SVN, or subversion, is a version control system. It runs on Mac, Windows and Linux. There are different ways to configure the server, but the way we chose to do it is using SSH. All of our developers generate an RSA public/private key pair, and email us the public key. Once they can login successfully to the mac server using SSH, they can download the source code using SVN's ability to tunnel through SSH. Therefore we end up with a very easy and secure distributed version control system. We don't have to run a VPN into our servers, nor do we have to maintain a web server with access to the code.

Maven is a build infrastructure. It is a higher level tool than Ant, it does not replace Ant. To really appreciate it, you have to try it. Without Maven, we were getting third party libraries by downloading them and checking them into our repository. Because we are using NetBeans, we then were declaring libraries differently in every developer's workspace. Each developer had to declare the installation path to these JAR files, making the onboarding process tedious and error prone. We tried some hacks around this with limited success. With Maven, we simply declare these dependencies including version numbers, and the Maven gets them for the developer and installs in their workspace. But the larger benefit is that once we are converted over to Maven, we are IDE independent in a couple of dimensions. Prior to Maven, the only way to build and deploy an instance of our product was to fire up and properly configure NetBeans. Once our conversion is done, the entire product can be built, deployed and run from the command line; the only reason to fire up Netbeans is if you need to make a change or debug the product. Moreover, if we bring someone on who prefers Eclipse, they can load the projects into Eclipse. This is because both Eclipse and Netbeans have Maven plug-ins, meaning they can read and write the Maven configuration files. I haven't used Eclipse, but in Netbeans you simply create a project as a new Maven project; some of the operations (like the Library Manager) are no longer relevant when you do this, so there is a learning curve.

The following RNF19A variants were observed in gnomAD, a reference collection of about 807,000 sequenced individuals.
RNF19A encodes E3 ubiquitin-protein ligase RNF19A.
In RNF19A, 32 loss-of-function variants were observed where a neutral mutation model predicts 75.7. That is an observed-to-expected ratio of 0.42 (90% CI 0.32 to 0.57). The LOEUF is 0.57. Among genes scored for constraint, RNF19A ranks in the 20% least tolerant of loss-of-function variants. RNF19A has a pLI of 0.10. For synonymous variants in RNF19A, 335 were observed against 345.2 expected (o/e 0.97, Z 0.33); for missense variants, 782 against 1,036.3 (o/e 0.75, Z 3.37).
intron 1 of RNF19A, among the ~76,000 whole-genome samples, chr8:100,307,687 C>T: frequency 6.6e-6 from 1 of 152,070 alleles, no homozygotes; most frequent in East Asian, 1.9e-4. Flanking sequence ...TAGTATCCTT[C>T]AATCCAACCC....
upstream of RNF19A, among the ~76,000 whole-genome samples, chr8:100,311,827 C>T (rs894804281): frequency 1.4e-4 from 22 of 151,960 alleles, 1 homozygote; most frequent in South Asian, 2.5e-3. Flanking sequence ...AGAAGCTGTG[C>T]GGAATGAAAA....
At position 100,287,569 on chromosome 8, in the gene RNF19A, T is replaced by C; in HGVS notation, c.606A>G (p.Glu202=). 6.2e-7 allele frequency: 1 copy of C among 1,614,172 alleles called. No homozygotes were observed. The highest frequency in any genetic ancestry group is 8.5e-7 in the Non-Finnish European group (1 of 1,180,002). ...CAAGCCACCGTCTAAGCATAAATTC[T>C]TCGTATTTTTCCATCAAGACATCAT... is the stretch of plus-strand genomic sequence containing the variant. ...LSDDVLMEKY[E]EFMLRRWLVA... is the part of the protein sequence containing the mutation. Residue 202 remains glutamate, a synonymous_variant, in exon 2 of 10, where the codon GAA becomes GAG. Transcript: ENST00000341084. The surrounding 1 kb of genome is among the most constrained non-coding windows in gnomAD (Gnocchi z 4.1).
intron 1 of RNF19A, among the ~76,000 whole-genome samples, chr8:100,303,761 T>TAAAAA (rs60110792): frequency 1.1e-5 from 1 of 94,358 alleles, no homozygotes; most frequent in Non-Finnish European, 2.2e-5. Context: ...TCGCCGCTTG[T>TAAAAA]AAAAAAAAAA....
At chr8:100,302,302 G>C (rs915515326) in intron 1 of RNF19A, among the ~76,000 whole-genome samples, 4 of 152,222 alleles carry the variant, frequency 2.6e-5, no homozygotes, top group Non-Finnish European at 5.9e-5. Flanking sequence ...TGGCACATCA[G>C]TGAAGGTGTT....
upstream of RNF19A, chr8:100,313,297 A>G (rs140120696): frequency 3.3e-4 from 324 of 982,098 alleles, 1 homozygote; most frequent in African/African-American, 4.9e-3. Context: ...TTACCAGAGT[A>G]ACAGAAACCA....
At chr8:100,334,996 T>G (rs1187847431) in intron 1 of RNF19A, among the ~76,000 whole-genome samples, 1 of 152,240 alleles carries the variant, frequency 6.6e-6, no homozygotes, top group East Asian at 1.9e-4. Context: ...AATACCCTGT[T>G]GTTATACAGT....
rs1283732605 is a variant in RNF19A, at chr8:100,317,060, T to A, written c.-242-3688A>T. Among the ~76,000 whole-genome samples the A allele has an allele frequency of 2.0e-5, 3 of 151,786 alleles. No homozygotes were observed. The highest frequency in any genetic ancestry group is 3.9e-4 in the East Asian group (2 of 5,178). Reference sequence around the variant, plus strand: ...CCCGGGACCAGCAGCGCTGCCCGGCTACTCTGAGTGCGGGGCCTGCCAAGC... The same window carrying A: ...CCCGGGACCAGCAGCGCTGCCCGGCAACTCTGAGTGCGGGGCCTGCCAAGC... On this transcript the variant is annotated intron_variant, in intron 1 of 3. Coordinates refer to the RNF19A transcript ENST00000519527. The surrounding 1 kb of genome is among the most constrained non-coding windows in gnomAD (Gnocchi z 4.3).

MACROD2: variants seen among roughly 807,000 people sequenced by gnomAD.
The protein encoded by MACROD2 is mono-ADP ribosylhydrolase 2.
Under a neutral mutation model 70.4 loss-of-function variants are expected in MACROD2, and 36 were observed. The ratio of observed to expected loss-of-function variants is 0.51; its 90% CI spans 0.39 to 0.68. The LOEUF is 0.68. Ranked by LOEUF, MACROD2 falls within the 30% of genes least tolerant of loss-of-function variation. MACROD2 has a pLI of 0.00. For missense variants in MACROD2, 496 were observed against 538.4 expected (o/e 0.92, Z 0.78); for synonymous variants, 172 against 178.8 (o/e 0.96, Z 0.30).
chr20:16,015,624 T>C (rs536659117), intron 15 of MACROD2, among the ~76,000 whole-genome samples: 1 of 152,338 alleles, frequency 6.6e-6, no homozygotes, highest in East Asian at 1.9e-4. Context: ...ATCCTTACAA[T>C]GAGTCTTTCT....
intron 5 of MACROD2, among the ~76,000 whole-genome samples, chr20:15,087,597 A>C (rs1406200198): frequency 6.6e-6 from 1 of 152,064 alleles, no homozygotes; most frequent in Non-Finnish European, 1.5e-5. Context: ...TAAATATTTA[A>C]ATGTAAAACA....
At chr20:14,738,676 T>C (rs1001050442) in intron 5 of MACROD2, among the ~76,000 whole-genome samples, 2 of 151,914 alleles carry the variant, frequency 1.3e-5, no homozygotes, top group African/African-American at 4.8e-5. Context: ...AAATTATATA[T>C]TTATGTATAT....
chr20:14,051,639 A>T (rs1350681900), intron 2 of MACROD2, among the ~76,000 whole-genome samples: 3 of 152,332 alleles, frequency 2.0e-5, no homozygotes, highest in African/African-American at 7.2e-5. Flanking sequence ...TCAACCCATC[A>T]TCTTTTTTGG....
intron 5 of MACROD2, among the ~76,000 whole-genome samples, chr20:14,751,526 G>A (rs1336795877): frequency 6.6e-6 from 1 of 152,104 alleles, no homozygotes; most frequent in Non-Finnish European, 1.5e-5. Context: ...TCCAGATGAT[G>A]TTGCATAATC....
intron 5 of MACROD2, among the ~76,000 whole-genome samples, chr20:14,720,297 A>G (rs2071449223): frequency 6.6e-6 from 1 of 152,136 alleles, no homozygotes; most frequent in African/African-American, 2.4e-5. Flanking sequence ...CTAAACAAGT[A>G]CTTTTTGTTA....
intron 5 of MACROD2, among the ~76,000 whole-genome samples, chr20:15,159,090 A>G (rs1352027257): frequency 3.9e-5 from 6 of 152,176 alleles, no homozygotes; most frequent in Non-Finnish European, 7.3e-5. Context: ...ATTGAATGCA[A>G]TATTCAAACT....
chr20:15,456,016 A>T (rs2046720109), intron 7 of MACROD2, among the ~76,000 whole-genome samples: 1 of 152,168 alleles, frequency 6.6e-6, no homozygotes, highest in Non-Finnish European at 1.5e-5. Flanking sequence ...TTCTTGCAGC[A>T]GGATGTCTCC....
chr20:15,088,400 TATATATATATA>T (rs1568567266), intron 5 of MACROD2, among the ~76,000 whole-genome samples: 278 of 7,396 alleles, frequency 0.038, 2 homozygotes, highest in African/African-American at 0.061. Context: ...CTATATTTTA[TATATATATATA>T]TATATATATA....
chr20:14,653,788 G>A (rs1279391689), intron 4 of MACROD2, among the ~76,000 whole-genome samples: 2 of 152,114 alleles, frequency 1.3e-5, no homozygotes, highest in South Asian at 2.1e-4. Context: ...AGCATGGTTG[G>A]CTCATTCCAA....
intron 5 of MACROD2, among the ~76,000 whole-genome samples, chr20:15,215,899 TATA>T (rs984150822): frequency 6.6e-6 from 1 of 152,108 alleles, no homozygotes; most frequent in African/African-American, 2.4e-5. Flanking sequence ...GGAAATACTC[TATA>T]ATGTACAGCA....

These two tools are helping reduce the startup time of new engineers. If your team is doing Java development, I'm sure they can help your team too.

Sunday, October 14, 2007

Software Development and the Environment

What can software leaders do to help improve the environment? Reduce the footprint we leave in the process of doing our work. Each of you may have unique ways you can do this, but there are some that could be nearly universal and I'll cover those here. The areas I've actually been involved with are listed below, followed by more details about each in terms of what to expect and the challenges you are likely to have. Each of these specifically reduces consumption of energy, and in the process, lowers production of GHGs (Green House Gases) and a collection of nasty, poisonous compounds including VOCs, CO, SO2, and NOX.